The bonds you develop with your bandmates can be just as epic and intimate as romantic relationships, and the jealousy just as bitter

By the autumn of 2007 I was the happiest I’d been in years and felt a familiar hankering for the decks. So I called an old contact, who was only too happy to hear that I was back on the market and looking for some action (that sounds wrong). I’ll call this promoter Gill. He was a suited blond beanpole and happened to play in a band with my ex-bandmate’s ex-bandmate. I didn’t know Gill very well but I heard a lot about his bandmate, the mythological ex-bandmate of my ex-bandmate, David. You’ve got to laugh about it. The bonds you develop with your bandmates can be just as epic and intimate as romantic relationships, and the jealousy just as bitter. Gill offered me a slot at his legendary club night, where his band was due to play. I invited David along. I’m not sure whether he realised that his ex-bandmate’s new band were playing or if I even made the connection at that point. David and I had recently picked up where we left off in 2005 after we quit the same band and went our separate ways. We hadn’t seen each other in 18 months and the first time we hooked up after that we got trashed on absinthe. Not much has changed since. He remains the rock to my roll.

I can’t explain it, but entering the club that night, I knew it was going to be my last DJ gig. And with this knowledge any ghost of a flame I still nurtured about going back to the music business was extinguished. Back on the podium, I played my usual mélange of obscure garage rock peppered with the odd familiar turn by Hendrix and the Stones, and with each song my steadfastness towards a new life born out of the ashes of adolescence became more resolute. One of the bands commenced their set; the singer was a washed-out thirtysomething Iggy Pop imitator who served to cement the motion I had made in my heart. “I will never be as pathetic as that,” I thought, and the relief coursed through my limbs. I looked around for David and couldn’t see him anywhere. But as I edged a corner into the second bar I spotted Gill, who motioned me over. He shoved something into my hand and told me to lick it. A white tab flashed in the gloom. And why not, acid seemed like the appropriate send off. I was about to pop it into my mouth, when a dust of white crystals powdered onto my bra and down my cleavage. Gill shrieked like a girl.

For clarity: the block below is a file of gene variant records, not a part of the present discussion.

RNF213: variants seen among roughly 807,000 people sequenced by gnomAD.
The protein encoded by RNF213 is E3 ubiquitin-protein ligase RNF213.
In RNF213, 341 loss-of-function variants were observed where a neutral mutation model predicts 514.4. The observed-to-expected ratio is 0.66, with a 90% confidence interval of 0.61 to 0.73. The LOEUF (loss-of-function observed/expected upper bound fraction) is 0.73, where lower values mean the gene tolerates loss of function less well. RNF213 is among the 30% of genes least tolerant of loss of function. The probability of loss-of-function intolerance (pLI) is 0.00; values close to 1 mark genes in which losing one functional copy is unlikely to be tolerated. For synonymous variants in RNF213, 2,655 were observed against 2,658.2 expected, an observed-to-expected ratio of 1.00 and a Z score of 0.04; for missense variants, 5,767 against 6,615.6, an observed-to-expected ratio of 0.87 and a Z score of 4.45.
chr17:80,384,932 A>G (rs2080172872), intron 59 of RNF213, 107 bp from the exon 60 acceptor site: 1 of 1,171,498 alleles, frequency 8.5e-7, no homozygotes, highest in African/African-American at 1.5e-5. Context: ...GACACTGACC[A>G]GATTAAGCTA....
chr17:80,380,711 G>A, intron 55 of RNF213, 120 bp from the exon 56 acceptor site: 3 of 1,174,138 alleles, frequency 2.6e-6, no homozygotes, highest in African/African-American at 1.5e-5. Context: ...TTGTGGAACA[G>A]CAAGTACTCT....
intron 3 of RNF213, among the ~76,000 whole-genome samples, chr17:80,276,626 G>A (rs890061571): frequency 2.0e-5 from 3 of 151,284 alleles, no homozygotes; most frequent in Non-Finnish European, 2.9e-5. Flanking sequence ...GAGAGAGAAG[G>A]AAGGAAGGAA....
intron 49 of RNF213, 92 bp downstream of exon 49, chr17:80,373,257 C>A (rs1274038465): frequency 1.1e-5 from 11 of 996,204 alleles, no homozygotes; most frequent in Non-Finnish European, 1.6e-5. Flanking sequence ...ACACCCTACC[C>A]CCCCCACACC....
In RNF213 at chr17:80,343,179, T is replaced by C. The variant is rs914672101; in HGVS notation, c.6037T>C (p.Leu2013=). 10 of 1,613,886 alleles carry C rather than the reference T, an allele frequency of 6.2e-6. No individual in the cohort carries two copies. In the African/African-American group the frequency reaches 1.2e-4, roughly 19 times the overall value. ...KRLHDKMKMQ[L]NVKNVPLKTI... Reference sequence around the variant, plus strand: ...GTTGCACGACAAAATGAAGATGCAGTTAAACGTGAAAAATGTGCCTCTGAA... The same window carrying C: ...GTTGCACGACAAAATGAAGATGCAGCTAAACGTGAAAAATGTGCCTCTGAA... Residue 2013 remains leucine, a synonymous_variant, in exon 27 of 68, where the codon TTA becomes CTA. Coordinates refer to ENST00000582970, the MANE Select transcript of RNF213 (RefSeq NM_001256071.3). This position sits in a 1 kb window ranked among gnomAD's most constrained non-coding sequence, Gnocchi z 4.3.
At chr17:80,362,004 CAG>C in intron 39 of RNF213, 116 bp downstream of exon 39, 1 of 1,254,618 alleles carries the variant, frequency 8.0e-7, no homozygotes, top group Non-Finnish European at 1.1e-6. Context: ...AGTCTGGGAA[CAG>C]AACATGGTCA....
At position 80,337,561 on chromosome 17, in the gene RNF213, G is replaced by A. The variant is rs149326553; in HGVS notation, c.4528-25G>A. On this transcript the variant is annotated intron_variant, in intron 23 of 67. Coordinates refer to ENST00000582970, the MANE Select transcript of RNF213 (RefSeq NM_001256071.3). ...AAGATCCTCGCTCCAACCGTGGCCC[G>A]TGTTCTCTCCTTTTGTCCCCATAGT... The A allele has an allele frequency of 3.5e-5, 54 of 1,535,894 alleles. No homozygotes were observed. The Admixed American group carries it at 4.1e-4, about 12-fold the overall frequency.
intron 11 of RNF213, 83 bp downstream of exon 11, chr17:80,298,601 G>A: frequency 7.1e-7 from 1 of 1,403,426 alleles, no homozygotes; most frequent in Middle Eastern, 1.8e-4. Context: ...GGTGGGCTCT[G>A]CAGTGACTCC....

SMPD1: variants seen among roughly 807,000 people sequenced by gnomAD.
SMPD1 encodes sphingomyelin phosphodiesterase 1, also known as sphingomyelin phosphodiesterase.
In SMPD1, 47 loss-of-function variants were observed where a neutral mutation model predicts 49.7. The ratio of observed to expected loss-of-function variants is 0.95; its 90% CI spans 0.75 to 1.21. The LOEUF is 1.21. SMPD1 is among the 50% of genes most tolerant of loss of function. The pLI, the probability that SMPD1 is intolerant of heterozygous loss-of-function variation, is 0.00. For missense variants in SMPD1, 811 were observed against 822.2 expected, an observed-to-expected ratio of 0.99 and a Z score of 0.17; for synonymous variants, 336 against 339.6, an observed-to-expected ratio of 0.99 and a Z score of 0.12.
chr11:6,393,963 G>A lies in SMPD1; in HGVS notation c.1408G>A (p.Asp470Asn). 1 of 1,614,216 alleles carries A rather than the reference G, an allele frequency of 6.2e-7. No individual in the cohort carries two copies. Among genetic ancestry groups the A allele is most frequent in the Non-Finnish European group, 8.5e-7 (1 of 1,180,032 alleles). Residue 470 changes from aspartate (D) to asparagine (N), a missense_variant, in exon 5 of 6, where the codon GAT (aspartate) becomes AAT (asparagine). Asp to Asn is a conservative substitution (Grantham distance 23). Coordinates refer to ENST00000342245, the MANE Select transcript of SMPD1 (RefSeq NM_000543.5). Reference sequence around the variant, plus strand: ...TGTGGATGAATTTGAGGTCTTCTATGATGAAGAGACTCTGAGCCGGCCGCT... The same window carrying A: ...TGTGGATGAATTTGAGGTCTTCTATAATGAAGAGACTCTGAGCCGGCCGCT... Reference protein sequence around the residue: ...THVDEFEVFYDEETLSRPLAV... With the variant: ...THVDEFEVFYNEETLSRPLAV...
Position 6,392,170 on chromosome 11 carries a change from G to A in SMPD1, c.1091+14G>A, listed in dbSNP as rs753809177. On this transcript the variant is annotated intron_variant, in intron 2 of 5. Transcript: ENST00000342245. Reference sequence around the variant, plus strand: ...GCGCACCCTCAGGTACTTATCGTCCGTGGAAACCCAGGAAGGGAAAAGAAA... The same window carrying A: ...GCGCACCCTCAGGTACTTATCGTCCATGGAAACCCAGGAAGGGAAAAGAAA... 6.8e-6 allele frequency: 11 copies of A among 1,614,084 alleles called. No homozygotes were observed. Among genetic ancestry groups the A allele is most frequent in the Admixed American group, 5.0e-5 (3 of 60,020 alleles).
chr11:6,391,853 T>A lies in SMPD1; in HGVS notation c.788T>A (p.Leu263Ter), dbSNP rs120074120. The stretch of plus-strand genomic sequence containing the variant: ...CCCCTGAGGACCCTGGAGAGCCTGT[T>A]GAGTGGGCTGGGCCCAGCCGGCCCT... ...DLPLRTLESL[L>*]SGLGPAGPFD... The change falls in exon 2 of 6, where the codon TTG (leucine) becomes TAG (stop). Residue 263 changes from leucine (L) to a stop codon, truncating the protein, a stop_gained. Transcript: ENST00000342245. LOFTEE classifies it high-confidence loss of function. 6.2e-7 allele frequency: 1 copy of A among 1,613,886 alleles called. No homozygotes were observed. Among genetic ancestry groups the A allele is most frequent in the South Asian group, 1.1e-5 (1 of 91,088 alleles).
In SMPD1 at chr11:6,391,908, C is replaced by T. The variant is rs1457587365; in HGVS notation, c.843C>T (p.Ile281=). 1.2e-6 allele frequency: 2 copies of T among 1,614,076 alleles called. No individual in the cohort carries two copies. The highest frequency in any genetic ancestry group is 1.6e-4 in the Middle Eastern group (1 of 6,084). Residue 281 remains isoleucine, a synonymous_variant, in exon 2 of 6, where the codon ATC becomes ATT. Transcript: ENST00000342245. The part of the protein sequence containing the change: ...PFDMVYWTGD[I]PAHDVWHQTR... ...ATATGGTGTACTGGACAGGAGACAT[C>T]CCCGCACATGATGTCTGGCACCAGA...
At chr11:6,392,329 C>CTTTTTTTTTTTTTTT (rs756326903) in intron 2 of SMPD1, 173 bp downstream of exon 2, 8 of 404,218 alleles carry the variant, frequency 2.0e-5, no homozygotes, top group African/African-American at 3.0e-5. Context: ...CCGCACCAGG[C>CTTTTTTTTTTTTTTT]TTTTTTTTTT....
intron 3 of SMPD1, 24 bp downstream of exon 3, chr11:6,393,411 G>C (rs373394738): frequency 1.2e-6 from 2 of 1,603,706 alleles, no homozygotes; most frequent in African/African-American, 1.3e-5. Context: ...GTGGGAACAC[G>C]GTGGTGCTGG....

– What are you doing!?
– Wait, this is coke? You told me to lick it!
– I told you to HIT IT!

I left the club at 3am and emerged into the streets of Bloomsbury, the place of my birth. I squinted at the shadowy figures around me, night people about their nightly business. It was the advent of new life. My own. Then I found myself on Rugby Street, where I grew up. I sat on the metal bench at the entrance to French’s Dairy, the place I had known so well as a child, and took a deep breath. I was comforted to learn it was still there. And just like that, I knew I was going to be okay.



  1. Eme